When God gives us anything that we wouldn't have chosen, we are faced with the option of seeing it as a gift. A gift of love to draw us closer to Him, a gift of discipline to make us more Christ-like, or a gift of promise for something He is planning on doing in our future. The problem arises when we tell ourselves that we're okay with the gift, trusting in His goodness, but deep down we are lying to ourselves. That right there is the seed of bitterness and it grows in mass proportions, undetected, until you come face to face with a weed right in the middle of what's meant to be your fruitful garden.
"If I idolize a certain season of life, I will drown. I must learn to extract the joy
from each and every season, or I will experience a different kind of death. I can't live
in the past; I can't live in a place of missing the good old days. I need to agree with
Jesus, that while things can be different or even disappointing, there is still life
abundant for me to grab hold of." And Still She Laughs, p.143
When I read The Broken Way and One Thousand Gifts earlier this year, I began to focus on how I could be a gift to others as well as the gifts God gives to me daily. What I didn't even think to do was revisit the gifts of the past that I didn't view as such. The things I focused on as being more loss than gain. Why? Because I longed for the good 'ole days. I was the proverbial high school quarterback that The Boss sings of, reveling in what once was, what I wished still was, and I hoped for in the future. And that line of thinking has robbed me of joy today because I'm yearning too much for yesterday and putting a ton of eggs in a basket labeled tomorrow.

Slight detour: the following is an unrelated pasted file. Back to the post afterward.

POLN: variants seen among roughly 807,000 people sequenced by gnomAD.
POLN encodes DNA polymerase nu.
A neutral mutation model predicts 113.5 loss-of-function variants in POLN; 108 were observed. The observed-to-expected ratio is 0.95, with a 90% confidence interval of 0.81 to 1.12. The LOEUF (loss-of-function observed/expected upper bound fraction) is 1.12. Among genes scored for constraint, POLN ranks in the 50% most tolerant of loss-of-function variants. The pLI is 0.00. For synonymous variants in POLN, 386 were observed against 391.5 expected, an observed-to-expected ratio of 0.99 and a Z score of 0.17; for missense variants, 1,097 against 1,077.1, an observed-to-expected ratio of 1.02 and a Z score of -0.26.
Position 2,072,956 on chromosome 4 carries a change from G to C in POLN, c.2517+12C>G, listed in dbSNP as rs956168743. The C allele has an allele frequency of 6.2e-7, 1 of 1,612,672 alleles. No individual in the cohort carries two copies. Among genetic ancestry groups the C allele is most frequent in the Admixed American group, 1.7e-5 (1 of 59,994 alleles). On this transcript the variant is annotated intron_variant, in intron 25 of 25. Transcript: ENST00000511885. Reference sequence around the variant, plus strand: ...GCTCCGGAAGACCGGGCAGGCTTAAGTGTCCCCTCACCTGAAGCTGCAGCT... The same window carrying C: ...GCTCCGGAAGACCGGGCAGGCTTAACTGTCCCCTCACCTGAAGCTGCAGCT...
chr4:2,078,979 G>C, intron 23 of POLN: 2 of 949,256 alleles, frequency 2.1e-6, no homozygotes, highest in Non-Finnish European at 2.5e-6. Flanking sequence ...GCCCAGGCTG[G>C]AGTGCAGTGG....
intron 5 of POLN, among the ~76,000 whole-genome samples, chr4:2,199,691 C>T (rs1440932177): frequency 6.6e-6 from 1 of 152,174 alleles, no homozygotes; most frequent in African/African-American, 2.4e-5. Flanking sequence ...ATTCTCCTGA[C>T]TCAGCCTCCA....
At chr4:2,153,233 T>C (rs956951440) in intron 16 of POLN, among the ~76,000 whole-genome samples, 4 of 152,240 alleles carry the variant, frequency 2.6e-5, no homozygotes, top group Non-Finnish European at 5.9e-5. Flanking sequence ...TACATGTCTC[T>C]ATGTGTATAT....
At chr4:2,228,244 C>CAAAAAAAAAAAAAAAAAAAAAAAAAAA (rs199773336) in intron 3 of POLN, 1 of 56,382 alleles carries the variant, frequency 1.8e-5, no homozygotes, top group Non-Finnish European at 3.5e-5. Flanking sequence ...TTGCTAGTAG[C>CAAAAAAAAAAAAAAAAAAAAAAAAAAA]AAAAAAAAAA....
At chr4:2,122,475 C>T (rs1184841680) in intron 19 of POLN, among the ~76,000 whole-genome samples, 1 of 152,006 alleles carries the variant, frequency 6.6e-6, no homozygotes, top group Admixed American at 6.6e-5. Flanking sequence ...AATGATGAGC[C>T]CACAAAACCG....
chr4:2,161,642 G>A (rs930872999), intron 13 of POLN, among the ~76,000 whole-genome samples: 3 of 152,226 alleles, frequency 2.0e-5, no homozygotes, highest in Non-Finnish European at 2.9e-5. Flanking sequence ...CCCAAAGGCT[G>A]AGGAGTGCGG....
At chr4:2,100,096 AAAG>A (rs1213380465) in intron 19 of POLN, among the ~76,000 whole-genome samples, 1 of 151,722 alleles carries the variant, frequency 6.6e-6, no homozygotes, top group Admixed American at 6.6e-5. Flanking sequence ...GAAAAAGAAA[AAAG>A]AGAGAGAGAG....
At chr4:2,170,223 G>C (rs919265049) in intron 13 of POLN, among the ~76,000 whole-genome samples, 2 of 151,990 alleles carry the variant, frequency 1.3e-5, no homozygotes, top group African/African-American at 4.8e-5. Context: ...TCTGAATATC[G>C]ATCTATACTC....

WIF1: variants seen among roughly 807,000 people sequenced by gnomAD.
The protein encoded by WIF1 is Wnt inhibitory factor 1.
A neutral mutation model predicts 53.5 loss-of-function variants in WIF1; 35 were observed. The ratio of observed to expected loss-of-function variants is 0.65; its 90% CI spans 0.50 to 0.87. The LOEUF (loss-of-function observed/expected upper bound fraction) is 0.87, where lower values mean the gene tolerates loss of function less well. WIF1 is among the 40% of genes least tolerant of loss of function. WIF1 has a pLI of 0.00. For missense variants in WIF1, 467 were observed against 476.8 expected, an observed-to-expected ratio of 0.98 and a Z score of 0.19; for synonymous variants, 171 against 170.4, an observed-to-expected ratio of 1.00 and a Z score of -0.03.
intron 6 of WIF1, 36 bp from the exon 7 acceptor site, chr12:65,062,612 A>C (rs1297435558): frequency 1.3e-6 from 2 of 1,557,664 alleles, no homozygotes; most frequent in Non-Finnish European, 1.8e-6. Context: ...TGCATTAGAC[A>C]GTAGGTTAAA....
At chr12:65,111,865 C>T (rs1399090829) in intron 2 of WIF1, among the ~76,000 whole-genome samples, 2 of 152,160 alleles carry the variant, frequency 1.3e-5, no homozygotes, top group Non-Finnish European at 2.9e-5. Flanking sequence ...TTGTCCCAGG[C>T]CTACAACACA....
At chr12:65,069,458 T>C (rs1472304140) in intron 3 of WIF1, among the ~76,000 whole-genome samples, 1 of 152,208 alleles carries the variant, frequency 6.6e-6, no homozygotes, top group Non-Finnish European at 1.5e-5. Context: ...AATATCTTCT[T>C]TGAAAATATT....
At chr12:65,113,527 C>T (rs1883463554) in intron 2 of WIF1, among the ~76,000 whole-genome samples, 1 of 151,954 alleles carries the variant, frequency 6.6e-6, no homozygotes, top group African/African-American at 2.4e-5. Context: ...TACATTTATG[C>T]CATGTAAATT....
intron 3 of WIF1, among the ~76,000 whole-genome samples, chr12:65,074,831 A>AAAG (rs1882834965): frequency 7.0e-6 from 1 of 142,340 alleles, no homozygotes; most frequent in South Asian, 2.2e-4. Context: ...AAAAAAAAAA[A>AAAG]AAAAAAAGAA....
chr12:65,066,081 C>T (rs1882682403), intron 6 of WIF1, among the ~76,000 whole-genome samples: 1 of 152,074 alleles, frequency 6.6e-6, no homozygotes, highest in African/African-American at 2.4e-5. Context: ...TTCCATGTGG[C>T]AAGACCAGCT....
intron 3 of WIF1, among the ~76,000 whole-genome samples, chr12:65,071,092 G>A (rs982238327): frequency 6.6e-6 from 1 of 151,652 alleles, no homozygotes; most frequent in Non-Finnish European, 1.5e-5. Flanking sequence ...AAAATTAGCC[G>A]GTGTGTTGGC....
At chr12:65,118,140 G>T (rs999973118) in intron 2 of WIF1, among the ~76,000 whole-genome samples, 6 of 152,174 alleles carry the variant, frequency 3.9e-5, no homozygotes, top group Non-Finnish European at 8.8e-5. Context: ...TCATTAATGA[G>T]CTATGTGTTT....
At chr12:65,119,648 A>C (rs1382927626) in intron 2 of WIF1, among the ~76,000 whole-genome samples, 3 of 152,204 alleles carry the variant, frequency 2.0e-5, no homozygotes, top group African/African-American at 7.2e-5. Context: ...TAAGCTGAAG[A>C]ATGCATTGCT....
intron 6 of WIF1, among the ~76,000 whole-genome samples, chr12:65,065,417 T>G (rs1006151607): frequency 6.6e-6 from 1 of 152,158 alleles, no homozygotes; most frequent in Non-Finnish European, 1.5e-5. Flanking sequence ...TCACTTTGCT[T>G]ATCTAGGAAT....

1 Peter 4:10 tells us that we should use whatever gift we have received to serve others, as faithful stewards of God's grace in its varoious forms. Those gifts include the things we didn't ask for but that He thought enough to give us. He meant to entrust us with them because He knew the good that could come from them as we loved others where they are because of where we came from. Not once have I done that. Not. Once. I've been too busy mumbling to myself about what I could do before, what I would try to do today that would only lead to frustration, what I despised others having the ability to do.
But God. Two of the most beautiful words ever strung together. They speak of His intervention, compassion, and undeserved mercy.
But God stepped in and had me read a book I thought would be helpful that He had more plans for than I bargained. But God showed me through another woman's bravery and ability to admit her weakness in a completely different set of circumstances that I had done the exact same thing. But God, rich in grace that He chooses to send my way, opened my eyes to see the tall green stalk with ugly prickly leaves right in front of my face.
So thank you Kate Merrick for sharing your story. Thank you for bravely putting your words on paper to be bound in a book that is going to help countless others see that God's grace can be visible in less than stellar circumstances because He is good and only gives good gifts. Thank you for loving Jesus well and believing all of His promises are true.
We can't go through our lives lamenting what we didn't sign up for. It's not right. Each gift is meant to be used to serve others, even if it's a gift we didn't expect to unwrap. We are supposed to give the comfort we've received but in order to do that we have to be honest enough with God to ask Him to help us accept what we don't like and honest with ourselves to seek Him until peace and joy fully return. We can't afford to miss the grace of God, because when we do, we end up with something we really don't want.